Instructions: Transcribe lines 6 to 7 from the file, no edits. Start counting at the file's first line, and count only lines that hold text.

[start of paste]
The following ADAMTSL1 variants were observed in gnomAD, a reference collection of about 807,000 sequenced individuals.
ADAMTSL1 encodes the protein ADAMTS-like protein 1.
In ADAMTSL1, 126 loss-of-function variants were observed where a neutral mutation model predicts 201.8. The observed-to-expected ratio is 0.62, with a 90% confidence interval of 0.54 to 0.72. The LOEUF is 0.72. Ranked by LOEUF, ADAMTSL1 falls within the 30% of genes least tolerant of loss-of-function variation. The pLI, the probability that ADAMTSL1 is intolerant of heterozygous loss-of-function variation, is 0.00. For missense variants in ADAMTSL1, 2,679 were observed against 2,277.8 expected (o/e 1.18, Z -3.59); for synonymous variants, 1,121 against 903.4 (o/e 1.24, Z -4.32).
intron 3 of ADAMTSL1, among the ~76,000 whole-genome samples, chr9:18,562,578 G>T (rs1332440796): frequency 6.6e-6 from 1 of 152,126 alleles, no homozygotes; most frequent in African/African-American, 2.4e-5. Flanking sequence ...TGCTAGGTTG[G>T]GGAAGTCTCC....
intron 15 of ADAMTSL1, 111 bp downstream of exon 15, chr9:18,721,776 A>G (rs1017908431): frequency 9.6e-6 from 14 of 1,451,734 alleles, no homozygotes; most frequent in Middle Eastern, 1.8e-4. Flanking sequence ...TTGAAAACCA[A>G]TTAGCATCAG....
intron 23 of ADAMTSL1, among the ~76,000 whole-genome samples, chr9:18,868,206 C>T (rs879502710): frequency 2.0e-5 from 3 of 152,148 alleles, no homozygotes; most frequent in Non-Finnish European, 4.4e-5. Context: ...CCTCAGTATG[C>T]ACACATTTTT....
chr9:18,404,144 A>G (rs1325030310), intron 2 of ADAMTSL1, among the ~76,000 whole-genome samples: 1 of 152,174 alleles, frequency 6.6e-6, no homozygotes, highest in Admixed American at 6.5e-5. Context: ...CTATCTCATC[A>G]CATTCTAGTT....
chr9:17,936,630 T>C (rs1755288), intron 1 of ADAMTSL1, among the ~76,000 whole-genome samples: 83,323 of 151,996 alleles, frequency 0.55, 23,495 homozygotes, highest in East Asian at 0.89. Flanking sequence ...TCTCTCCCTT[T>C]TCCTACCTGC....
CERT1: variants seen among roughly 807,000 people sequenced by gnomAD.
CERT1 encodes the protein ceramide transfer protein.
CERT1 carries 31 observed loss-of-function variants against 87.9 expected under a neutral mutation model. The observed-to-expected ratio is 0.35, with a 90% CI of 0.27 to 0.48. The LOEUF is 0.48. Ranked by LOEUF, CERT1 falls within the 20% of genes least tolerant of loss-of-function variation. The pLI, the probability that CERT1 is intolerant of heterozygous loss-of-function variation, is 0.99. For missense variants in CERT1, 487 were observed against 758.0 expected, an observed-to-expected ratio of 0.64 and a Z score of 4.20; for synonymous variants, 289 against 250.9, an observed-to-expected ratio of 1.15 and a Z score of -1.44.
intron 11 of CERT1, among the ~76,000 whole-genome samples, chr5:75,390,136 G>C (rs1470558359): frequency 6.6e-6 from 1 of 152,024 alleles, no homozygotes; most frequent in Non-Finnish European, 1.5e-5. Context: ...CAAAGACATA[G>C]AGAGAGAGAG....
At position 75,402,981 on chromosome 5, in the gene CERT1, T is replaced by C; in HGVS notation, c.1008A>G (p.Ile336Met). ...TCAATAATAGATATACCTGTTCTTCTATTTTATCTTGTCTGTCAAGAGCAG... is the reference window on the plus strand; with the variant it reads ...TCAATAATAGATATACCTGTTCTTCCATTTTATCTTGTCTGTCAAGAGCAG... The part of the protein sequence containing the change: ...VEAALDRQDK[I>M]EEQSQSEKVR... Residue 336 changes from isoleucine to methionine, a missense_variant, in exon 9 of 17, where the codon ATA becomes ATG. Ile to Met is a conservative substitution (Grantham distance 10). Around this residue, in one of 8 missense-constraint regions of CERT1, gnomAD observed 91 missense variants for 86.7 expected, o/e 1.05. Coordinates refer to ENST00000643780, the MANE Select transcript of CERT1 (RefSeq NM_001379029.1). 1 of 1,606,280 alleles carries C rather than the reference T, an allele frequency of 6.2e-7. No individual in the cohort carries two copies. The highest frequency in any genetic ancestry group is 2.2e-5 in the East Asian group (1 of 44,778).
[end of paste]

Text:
intron 23 of ADAMTSL1, among the ~76,000 whole-genome samples, chr9:18,868,206 C>T (rs879502710): frequency 2.0e-5 from 3 of 152,148 alleles, no homozygotes; most frequent in Non-Finnish European, 4.4e-5. Context: ...CCTCAGTATG[C>T]ACACATTTTT....
chr9:18,404,144 A>G (rs1325030310), intron 2 of ADAMTSL1, among the ~76,000 whole-genome samples: 1 of 152,174 alleles, frequency 6.6e-6, no homozygotes, highest in Admixed American at 6.5e-5. Context: ...CTATCTCATC[A>G]CATTCTAGTT....